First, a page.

Whether you are an established landlord or a first-time investor in property, the following are some of the stories making the headlines.
First-time buyers head for the seaside
They do like to be beside the seaside just as much as the next person. An article in Property Wire earlier this week reported a 15% increase in mortgage applications from first-time buyers looking to purchase a home near the seaside.
After months’ of lockdown, hours’ spent working from home indoors, and a craving to enjoy the open fresh air once again, individuals who had previously enjoyed the city life are now looking for locations beside the sea or in the countryside.
The top three sought-after seaside locations were Brighton – an unsurprising first choice, given its proximity to London – followed by Plymouth and then Bournemouth. Next most popular were the coastal towns of Portsmouth, Scarborough, and Blackpool.
Incorporating your buy to let business
The current tax breaks provided by a Stamp Duty holiday until the end of next March, coupled with the continued benefits of writing off mortgage interest payments against profits, makes the incorporation of your buy to let business more attractive than ever, suggests a story in Property Investor Today on the 3rd of August.
The tax holiday was recently announced by the Chancellor of the Exchequer Rishi Sunak and has provided sufficient stimulus to the re-emerging property market to reveal many attractive deals for investors and buy to let landlords.
Although the purchase of such investment properties continues to attract the 3% Stamp Duty surcharge (imposed since April 2016) the holiday on standard Stamp Duty rates for the purchase of property up to £500,000 in value – or, importantly, the transfer of such property into company ownership is a welcome change for investors. The current tax holiday, therefore, raises the prospect of significant savings.
With effect from the beginning of the current tax year, buy to let investors can no longer claim any tax relief on the income tax payable on mortgage interest instalments. Corporately owned investment property, on the other hand, is liable only for corporation tax, with mortgage interest payments that may be set as company expenses against profits.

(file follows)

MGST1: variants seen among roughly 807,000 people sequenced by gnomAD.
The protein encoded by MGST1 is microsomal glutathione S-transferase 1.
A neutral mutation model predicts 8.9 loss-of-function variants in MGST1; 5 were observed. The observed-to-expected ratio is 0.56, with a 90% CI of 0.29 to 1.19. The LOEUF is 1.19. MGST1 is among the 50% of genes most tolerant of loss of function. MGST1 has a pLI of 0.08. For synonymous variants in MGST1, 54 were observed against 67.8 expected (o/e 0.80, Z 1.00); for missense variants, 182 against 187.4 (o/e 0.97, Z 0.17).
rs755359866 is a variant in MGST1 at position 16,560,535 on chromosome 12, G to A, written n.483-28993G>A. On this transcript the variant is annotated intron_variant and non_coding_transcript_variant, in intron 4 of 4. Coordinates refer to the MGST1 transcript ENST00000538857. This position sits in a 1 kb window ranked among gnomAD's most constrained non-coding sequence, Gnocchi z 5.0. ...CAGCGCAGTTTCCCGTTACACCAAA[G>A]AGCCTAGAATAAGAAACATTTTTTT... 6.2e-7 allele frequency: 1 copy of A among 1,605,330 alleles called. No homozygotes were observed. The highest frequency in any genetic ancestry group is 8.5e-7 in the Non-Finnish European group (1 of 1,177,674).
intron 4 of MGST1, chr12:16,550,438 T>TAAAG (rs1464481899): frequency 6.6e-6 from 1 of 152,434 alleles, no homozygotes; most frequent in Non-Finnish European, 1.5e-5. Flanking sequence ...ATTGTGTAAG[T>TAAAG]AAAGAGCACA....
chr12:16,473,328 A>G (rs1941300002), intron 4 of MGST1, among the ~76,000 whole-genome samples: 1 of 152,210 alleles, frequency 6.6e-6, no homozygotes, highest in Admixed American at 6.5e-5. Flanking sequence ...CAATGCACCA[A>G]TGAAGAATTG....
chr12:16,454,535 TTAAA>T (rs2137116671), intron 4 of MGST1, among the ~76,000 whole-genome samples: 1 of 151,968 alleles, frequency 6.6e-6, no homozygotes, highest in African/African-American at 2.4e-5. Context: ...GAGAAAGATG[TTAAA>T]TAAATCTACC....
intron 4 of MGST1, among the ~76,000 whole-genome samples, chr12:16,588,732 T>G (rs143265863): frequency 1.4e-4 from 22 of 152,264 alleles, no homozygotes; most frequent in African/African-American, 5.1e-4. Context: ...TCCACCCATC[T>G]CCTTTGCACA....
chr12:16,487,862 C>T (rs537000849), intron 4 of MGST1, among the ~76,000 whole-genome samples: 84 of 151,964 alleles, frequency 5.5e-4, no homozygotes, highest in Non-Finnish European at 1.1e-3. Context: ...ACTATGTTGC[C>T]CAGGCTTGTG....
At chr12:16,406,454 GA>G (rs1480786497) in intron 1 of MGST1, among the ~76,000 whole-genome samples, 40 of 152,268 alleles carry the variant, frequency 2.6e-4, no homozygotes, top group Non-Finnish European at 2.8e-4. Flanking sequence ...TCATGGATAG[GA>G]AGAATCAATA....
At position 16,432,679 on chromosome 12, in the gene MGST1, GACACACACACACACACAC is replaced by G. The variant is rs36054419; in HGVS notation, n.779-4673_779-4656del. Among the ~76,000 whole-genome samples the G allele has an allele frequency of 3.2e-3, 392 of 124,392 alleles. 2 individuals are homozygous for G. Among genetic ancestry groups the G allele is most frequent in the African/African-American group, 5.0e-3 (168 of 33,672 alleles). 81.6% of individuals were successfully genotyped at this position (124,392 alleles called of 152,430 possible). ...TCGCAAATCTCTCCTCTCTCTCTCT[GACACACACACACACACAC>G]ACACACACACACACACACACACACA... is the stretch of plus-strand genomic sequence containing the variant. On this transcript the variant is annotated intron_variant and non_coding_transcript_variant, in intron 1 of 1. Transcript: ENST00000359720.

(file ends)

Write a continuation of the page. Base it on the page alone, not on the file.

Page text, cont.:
In our blog dated the 12th of February 2020, we explained in further detail the advantages of incorporation to some landlords – especially those with portfolios of several buy to let properties. Those benefits may have become more relevant than ever thanks to the current Stamp Duty tax holiday.
Staycations are welcome news
The Great Staycation Guide we published on the 3rd of July mentioned the boost given to the domestic tourism industry by government leaders such as the Prime Minister, the Chancellor of the Exchequer, and the Health Secretary.
Has the changing face of the pandemic has lurched from the easing of limited foreign travel to tighter lockdowns once again, those landlords who have switched to short-term holiday lets have given a big welcome to the surge in the great British staycation.
In a story on the 3rd of August, Landlord Today reported that Cornish hotspots such as Polzeath and Newquay are especially busy.
But the story also echoed warnings from the Residential Landlords’ Association (RLA) about the steady loss of longer-term accommodation in the private rented sector as more and more landlords turn to the lucrative, short-term holiday market. Studies suggest that as many as 500,000 properties have already been lost to long-term tenancies because of this trend.
Is there a cannabis farm on your property?
A story in Letting Agent Today recently warned of a recent proliferation of cannabis farms as criminals took advantage of the recent lockdown in premises they had rented.
Police in Nottinghamshire, for example, have already reported a 280% increase in the volume of cannabis plants seized during lockdown compared with the same period the year before.
For the avoidance of any suggestion that they are condoning such use of their property, the article advises landlords and agents to take swift action to evict tenants they suspect of running a cannabis farm.
The landlord may need a court injunction to stop the activity immediately, since eviction procedures through the courts may currently take three months or longer. What is required, in that case, is a Section 8 eviction notice on the grounds of sub-section 12 (which may grant eviction on the grounds of any breach of the tenancy agreement) or sub-section 14 (where the tenant has been found guilty of causing a nuisance or other illegal activity).
Counting the cost of the pandemic
In a piece published on the 3rd of August, Property Industry Eye revealed some of the figures estimating the cost of the pandemic so far in terms of lost government revenue.
Property transactions slumped by as much as 45% at the height of the lockdown, with a corresponding fall in Stamp Duty raised by the Treasury in the second quarter of this year of 42% – that represents a total take of £1.08 billion from 133,300 residential property sales.
Sales to first-time buyers, who qualified for reduced rates of Stamp Duty, was also down by 43% to a total of 30,100 transactions.
These latest statistics run until the end of June, so do not reflect the Chancellor’s recent introduction of the Stamp Duty holiday on the 8th of July.